[00:42:15] I was describing as alignment between what your brain tells you you should do and what your heart, your gut, your intuition is nudging you towards. A lot of folks who have this conflict, this inner friction over getting started, moving through the messy middle, a lot of what is happening is. Their intuition wants them to get to the other side where life is clutter free.

[00:42:50] But the brain is busy doing its job saying, “No, no, stay safe.” You know, stay on the current path. Don’t do the work. That sounds hard. And there’s friction between the two. What we want to do is get to a place where we resolve and align both our heart. Our intuition and our head, we got to get them on the same page.

[00:43:16] Tracy Hoth: Oh, that makes it so clear. Okay. This was so good. And I know we didn’t specifically talk as much as I thought maybe we were about the office, but I think all of this is just like gold to think about and apply it in your home, in your office, in your time and all parts of it. So I love it. Anything else that comes to mind that you want to share?

[00:43:37] Amelia Pleasant Kennedy: Yeah, I mean, I think this was a good recap of our conversation and Organized Life Academy and just elements that people can use, whether they’re decluttering and organizing their office. Whether they’re thinking about being a digital nomad or downsizing a loved one or having a conversation with someone in your family that has too many belongings, right?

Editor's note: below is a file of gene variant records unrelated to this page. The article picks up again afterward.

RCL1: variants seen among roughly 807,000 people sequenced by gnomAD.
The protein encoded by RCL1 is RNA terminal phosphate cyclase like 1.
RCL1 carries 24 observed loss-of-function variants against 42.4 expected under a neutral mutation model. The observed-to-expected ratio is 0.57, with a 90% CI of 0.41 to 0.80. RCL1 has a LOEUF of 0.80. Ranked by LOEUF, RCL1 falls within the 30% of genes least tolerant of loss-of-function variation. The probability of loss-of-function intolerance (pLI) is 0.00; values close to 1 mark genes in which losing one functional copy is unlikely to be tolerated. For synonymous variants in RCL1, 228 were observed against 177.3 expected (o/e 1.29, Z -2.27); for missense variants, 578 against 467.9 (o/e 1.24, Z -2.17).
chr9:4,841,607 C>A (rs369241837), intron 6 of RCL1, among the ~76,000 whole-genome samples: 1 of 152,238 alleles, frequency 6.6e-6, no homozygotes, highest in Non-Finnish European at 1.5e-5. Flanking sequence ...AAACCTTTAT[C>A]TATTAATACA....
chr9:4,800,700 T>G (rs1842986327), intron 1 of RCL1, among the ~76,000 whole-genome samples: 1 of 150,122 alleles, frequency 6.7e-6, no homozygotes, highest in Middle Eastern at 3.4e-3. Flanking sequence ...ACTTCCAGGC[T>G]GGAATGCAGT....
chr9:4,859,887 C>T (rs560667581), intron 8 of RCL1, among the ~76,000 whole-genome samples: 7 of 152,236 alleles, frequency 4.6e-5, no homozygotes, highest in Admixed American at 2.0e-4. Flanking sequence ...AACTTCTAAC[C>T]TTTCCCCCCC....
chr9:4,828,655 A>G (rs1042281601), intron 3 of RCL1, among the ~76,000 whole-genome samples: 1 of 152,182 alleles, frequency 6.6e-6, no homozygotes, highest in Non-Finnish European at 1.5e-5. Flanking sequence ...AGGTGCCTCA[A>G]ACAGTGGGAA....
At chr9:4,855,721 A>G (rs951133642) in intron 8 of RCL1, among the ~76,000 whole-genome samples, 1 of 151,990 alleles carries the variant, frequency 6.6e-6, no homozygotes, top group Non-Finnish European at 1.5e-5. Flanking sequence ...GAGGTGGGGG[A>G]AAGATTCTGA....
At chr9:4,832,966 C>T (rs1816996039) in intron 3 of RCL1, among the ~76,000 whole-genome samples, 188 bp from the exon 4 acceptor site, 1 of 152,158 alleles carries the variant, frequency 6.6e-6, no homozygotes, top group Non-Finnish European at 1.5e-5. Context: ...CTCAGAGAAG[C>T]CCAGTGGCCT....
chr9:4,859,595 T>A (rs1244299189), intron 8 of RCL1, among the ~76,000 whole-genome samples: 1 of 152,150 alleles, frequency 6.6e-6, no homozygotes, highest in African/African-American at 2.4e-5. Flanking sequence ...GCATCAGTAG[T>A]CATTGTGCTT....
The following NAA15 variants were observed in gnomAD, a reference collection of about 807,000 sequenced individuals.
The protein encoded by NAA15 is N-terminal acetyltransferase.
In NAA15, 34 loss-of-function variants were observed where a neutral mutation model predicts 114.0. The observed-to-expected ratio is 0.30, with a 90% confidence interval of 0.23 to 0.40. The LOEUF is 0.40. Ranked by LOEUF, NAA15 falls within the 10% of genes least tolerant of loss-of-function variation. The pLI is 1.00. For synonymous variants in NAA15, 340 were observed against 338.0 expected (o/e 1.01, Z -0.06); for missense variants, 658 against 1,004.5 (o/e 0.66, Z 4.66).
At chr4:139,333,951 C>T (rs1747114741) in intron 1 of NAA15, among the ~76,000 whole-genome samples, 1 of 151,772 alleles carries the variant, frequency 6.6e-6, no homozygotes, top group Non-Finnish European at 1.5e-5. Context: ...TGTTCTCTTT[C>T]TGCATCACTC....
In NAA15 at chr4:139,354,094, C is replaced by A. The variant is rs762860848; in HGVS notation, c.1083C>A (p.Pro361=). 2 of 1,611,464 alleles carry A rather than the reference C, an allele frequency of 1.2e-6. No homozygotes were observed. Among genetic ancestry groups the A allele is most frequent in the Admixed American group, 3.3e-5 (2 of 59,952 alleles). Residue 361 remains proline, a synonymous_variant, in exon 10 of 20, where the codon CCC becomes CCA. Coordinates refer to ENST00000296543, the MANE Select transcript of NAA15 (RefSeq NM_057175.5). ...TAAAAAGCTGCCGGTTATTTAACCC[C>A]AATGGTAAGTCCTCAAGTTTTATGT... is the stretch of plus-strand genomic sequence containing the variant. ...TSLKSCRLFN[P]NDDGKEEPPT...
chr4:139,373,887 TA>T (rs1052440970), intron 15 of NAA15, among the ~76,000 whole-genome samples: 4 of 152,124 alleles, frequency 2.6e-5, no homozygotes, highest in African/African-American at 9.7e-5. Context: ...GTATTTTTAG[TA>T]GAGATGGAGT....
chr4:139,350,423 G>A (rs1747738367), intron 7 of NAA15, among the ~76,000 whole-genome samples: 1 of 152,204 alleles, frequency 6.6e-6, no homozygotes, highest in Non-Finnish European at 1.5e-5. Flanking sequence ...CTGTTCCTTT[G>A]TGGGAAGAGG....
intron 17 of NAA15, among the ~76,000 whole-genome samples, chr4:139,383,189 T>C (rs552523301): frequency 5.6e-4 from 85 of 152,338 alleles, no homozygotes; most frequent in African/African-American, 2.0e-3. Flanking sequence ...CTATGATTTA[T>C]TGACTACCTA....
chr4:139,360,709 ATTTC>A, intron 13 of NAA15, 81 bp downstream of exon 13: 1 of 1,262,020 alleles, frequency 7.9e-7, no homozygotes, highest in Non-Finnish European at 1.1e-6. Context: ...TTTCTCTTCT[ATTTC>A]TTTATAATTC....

[00:44:02] We covered so much around the process of letting go and getting to the core, which is, what do I want in my life and in my home?

[00:44:14] Tracy Hoth: Yes, getting to the core. That’s what it’s all about. And what do we want? And apply that to your office as well, but in your business too, in general. So Amelia, this was so helpful.

[00:44:26] How can people learn more from you? It was amazing to talk to you, and I always enjoy it.

[00:44:31] Amelia Pleasant Kennedy: Thank you for having me. Folks can find me on the web at A Pleasant Solution. That’s my business name. You can connect with me on Instagram and  Facebook at A Pleasant Solution. I host a podcast called A Pleasant Solution, embracing an organized life.

[00:44:54] I write a blog called All the Things.

[00:44:56] Tracy Hoth: Will you take on one-on-one clients?

[00:45:04] Amelia Pleasant Kennedy: Yep. Thanks for asking. Yes, I have one on one program where I work with folks who are interested in decluttering their mindset, their life, their home, or I help partners and individuals around the fair play method, which creates more equity within the home based on tours, tasks and responsibilities.